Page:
The retrieval of organs after cardiac arrest: an ethical issue

Publié le : 28 February 2013

 During its international congress held in Paris in early February, the Biomedicine Agency, in partnership with the Parliamentary Office for Evaluating Scientific and Technological Choices (OPECST) "organised a public hearing on the retrieval of organs from donors who died from cardiac arrest."  (The weekly bioethic newsletter from 11th to 15th of February 2013)   Currently, the number of "donors who die from brain failure is constantly declining and the increase in living donors (7.6% for kidneys) is not enough." The journalist explains that "the alternative gradually becoming dominant is the retrieval of organs from deceased donors after cardiac arrest” (donation after cardiac death, DCD). The classification of the 1995 Maastricht protocol distinguishes 4 categories of donation after cardiac death: the first category concerns the uncontrolled DCD "without treatment," the second concerns the uncontrolled DCD "in the presence of treatment," the third, called "Maastricht 3" or (M3), concerns the controlled DCD, i.e. "the cardiac arrests provoked by a decision to stop the treatments because of the prognosis," and the fourth "supposes an unexpected and irreversible cardiac arrest occurring during the reanimation treatment."

Describing Maastricht 3 as "very ambiguous in ethical terms," the journalist explains that in this category of donor, "the doctors decide to end the treatments" by "applying the provisions of the law of 2005 on the end of life, called the Leonetti law." However, "the opening of organ retrieval to DCD introduces the possibility of utilitarian euthanasia, the objectification of the dead." On this practice, a doctor expresses his concern: "There is a temporal paradox. If we stop the treatments at an early stage, the organ will be in very good condition, but there will be uncertainty about the neurological prognosis. If we wait, the uncertainty is removed but there is a risk that the implant will no longer be good." On this point, Prod. Laurent Beylon, chairman of the ethics committee of the French Anaesthesia and Reanimation Society (SFAR), adds: "when we retrieve organs from a brain-dead person, there is no doubt. With M3, the situation changes. It is a clinical supposition, which introduces a decision based on probability." The SFAR chairman refers to a legal vacuum: "as reanimation providers, we feel our fragility. About 45% of patients die within 60 minutes after a cardiac arrest, but 1.2% survive. The legislation must be changed to help us handle this disputed point.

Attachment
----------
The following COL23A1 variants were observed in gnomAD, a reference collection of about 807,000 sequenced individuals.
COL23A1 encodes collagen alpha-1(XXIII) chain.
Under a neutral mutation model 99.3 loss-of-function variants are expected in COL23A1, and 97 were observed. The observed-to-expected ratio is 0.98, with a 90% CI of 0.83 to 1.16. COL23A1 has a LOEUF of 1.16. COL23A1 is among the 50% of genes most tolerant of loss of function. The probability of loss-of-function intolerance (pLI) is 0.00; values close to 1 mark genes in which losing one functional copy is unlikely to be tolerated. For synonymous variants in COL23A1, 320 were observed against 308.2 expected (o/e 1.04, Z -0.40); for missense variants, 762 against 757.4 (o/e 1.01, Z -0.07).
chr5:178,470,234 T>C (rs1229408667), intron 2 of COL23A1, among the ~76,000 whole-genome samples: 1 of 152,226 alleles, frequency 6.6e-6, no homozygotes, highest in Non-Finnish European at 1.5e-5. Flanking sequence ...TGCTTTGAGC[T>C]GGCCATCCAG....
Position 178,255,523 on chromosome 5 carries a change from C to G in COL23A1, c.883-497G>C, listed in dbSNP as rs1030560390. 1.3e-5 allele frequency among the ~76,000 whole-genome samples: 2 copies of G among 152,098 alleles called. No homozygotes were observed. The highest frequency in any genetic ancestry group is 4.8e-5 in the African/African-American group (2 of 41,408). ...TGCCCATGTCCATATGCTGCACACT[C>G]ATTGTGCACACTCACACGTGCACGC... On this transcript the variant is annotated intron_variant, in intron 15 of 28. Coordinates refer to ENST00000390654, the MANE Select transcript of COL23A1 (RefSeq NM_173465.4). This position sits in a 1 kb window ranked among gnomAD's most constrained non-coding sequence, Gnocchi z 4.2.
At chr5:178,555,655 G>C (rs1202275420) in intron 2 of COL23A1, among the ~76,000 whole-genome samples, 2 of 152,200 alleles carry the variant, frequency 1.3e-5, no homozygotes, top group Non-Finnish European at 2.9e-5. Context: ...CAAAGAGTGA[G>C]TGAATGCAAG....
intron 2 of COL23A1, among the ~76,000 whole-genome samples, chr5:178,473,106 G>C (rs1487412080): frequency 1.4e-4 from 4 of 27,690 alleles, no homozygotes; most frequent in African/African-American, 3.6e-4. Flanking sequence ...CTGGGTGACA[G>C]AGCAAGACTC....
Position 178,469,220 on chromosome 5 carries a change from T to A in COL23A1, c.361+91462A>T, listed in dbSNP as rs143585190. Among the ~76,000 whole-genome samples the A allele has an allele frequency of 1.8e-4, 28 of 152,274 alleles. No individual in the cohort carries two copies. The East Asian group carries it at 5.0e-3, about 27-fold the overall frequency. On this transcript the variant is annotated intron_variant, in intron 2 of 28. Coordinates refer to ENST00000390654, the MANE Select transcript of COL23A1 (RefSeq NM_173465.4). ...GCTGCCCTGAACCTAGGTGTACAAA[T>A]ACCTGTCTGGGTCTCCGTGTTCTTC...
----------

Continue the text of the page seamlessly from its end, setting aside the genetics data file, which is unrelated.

Elsewhere, organs have been retrieved from category 3 donors in Spain since 2009. Dr Rafael Matesanz, director of the Organización Nacional de Transplantes points out: "there were no heated discussions in society, no difficulties with M3. Perhaps because we have a positive view of therapeutic limitation.". In Great Britain, Prof. Rutger Ploeg explains that "the decision on the end of life has nothing to do with organ donation." He adds: "we talk a lot more about the end of life in England than in France. It is necessary because the family must first accept the ending of the treatment. The question of a donation arises only afterwards – unless the family raises it spontaneously.

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